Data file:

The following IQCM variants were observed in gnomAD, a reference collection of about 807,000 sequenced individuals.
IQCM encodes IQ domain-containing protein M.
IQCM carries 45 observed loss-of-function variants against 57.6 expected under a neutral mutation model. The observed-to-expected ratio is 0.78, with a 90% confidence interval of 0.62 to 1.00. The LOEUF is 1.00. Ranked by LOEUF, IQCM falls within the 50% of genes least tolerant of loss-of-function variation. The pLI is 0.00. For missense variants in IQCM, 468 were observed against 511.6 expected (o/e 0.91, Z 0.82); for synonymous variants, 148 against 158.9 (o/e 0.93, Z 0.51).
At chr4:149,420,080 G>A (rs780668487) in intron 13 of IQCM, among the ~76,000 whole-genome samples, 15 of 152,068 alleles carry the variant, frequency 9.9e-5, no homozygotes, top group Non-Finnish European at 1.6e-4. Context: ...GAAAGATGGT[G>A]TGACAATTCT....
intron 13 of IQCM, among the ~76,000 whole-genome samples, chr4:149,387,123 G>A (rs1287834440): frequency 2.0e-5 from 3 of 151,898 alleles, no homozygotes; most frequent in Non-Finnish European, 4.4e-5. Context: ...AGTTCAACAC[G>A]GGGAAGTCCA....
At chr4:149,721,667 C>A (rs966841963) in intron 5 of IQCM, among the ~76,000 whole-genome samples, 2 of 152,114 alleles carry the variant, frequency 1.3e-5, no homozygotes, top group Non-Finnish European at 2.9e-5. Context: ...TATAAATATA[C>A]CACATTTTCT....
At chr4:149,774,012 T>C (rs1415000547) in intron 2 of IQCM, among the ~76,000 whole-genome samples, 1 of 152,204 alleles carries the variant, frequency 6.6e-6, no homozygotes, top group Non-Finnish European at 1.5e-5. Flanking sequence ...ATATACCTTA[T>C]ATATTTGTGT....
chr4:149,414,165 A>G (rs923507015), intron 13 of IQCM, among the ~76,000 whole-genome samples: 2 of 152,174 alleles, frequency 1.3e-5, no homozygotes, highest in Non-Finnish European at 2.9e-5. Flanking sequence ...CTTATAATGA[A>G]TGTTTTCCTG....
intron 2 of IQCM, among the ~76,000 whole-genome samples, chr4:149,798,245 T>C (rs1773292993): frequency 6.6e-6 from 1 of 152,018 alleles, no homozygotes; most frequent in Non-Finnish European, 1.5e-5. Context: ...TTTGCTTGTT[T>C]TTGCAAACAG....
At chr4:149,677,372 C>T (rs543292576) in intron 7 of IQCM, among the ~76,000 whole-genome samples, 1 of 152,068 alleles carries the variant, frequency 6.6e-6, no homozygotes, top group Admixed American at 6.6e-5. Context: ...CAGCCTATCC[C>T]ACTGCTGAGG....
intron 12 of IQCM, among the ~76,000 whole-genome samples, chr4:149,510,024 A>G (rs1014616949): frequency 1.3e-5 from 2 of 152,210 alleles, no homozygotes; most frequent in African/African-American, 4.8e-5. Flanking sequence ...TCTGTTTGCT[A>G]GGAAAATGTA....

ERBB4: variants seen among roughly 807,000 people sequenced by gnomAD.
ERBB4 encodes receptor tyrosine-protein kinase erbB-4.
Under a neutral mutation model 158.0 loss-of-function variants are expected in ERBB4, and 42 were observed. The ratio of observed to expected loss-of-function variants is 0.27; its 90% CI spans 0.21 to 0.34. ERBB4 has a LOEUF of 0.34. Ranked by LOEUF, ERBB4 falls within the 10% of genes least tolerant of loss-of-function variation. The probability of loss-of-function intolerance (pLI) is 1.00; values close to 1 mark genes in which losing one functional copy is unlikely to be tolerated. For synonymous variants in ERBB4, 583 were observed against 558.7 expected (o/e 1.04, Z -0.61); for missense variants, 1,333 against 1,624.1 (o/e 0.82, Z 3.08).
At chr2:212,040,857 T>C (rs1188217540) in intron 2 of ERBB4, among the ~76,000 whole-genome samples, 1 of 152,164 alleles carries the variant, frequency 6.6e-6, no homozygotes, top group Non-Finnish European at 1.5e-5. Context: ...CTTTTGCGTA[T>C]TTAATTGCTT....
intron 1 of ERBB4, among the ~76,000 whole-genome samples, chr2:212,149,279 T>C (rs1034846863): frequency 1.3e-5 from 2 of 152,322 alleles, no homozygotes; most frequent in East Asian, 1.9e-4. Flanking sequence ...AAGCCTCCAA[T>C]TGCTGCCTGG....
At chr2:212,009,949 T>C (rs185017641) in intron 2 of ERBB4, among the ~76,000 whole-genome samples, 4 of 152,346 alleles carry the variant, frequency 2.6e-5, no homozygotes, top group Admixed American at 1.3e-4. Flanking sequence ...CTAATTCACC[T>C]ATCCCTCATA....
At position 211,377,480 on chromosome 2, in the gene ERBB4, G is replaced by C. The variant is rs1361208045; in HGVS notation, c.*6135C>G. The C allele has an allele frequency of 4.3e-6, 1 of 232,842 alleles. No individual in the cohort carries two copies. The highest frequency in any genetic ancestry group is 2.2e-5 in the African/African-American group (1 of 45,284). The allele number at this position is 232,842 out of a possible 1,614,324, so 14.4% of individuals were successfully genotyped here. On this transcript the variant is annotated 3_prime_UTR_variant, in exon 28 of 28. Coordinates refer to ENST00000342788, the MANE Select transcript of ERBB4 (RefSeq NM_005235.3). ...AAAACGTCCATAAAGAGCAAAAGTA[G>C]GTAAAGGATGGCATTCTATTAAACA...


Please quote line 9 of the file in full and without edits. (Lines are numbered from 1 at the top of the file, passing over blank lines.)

intron 2 of IQCM, among the ~76,000 whole-genome samples, chr4:149,798,245 T>C (rs1773292993): frequency 6.6e-6 from 1 of 152,018 alleles, no homozygotes; most frequent in Non-Finnish European, 1.5e-5. Context: ...TTTGCTTGTT[T>C]TTGCAAACAG....